GlaxoSmithKline PLC: The All-Weather Dividend Giant

Glaxo appears built more for sustainability than growth, but that's okay for long-term investors.

Mar 3, 2014 at 10:00AM

Britain's GlaxoSmithKline (NYSE:GSK) isn't built to run like a gazelle, but it has a pretty diverse business that addresses multiple large therapeutic areas like respiratory, vaccines, HIV, and consumer health. The company has taken some big swings with high-risk/high-reward pipeline candidates that haven't really worked out as hoped, but the pipeline still appears deep and broad enough to keep this supertanker-like pharma company moving forward at a steady pace.

Respiratory is good, bad, and ugly
AstraZeneca (NYSE:AZN) and Novartis (NYSE:NVS) also have large respiratory franchises, but Glaxo beats them both in terms of its reliance on this space as the company generates about 30% of its revenue from medications to treat conditions like asthma and COPD.

The good news is that Glaxo has two very young drugs with blockbuster ($1 billion or higher) sales potential – Breo/Relvar and Anoro. The bad news is that payers have been starting to push back on new respiratory therapies, namely due to "mixed" clinical data that do not unequivocally prove significant benefits over older, cheaper therapies. It's also not particularly good news for Glaxo that competition isn't easing up. Novartis, Forest, and Boehringer Ingelheim are all hoping to compete with Anoro for a piece of the multibillion dollar COPD market.

I believe respiratory care is an attractive but tricky space for Glaxo and Novartis. Generics are not as easy to manufacture as for other therapeutic areas, but it is proving increasingly difficult to develop novel compounds that offer significant improvements in efficacy and/or safety. The ugly truth is that COPD is still a leading cause of death, suggesting significant commercial opportunity for better therapies, but it looks as though realizing that opportunity will be quite challenging.

Big bets in the clinic haven't worked out so far
There is nothing wrong with Big Pharma companies taking the occasional big swing with a high-risk/high-reward compound. The problem is when companies put too much emphasis on these programs.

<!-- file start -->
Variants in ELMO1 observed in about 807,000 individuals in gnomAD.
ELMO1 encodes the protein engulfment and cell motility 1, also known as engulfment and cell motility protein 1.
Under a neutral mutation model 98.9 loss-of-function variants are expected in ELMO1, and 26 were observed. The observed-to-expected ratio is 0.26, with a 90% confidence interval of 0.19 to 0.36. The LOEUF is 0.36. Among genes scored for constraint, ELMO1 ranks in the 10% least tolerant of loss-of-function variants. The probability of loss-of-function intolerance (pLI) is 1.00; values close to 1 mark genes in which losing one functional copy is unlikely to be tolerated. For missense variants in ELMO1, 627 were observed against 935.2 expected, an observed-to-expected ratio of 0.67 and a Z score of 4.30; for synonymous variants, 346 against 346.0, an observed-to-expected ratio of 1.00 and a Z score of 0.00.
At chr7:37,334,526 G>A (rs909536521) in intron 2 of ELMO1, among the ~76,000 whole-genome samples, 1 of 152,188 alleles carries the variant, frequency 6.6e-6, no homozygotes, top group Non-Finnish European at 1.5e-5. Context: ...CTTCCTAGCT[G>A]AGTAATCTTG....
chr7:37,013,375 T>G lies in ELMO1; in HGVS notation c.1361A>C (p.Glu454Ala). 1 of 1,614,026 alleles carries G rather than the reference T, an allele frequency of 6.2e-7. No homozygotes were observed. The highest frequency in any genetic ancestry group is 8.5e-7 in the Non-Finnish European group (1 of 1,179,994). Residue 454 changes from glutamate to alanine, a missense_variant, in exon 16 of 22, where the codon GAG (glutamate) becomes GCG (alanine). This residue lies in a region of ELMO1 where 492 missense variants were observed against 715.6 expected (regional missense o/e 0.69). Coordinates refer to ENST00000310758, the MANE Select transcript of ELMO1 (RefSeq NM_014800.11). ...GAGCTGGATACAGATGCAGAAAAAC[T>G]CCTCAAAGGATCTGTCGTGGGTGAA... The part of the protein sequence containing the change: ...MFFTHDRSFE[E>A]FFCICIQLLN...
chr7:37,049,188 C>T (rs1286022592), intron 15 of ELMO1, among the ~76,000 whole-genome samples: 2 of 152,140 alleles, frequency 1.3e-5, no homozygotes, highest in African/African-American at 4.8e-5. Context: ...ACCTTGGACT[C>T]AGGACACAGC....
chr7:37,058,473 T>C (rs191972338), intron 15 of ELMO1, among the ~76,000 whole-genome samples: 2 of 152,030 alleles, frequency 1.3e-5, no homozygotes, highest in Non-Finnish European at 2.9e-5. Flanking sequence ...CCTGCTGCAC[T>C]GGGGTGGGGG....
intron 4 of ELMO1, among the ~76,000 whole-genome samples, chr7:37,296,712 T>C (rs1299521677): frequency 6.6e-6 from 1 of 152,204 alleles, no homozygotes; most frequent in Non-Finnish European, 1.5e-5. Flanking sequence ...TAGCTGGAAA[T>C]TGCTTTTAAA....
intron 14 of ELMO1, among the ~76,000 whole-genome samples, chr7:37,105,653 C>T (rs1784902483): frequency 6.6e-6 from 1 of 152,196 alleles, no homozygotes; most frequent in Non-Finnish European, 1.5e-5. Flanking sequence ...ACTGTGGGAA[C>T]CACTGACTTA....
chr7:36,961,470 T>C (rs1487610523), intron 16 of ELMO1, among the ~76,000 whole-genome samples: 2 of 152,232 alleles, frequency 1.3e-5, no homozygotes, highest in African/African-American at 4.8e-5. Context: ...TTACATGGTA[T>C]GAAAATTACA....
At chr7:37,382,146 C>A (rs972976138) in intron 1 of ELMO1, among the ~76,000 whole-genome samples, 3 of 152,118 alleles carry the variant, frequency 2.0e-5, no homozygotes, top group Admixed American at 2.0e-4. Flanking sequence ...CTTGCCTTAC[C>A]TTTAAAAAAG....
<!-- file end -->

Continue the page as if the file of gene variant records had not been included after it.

Glaxo's potential blockbuster darapladib (an Lp-PLA2 inhibitor) failed its Phase III STABILITY study for acute coronary syndrome, but the SOLID-TIMI study is still under way. Success would unlock blockbuster potential, but it really looks like a long-shot at this point.

Glaxo's cancer vaccine MAGE-A3 is in a similar place. A trial in melanoma failed to reach its endpoint, though a trial in lung cancer continues. Post-hoc analysis of the melanoma data may open the door to another study in a more narrowly defined patient group, but it is hard to call this a high-probability opportunity.

Radical change, or slow progression?
Unlike AstraZeneca, Glaxo hasn't faced a crisis of multiple patent expirations and clinical trial failures that leave its revenue and free cash flow cupboards bare. With that, Glaxo hasn't had to follow the route taken by AstraZeneca of multiple M&A transactions designed to refill the pipeline. Also unlike AstraZeneca, though, Glaxo has not built up a collection of really appealing oncology immunotherapy product candidates. Oncology has never really been a huge focus for Glaxo, and that may be part of the reason why the Street isn't quite as bullish on Glaxo as it is on some of its Big Pharma peers with otherwise similar traits.

Glaxo isn't yet at a point where management needs to do anything drastic. I do have some concerns about the respiratory franchise, but Glaxo's pipeline remains good (including the first triple-combo for COPD). The company seems focused on maintaining a relatively wide breadth of market/therapeutic class exposures at a time when many of its peers are getting less diversified, and I believe that will prove to be a good decision down the line.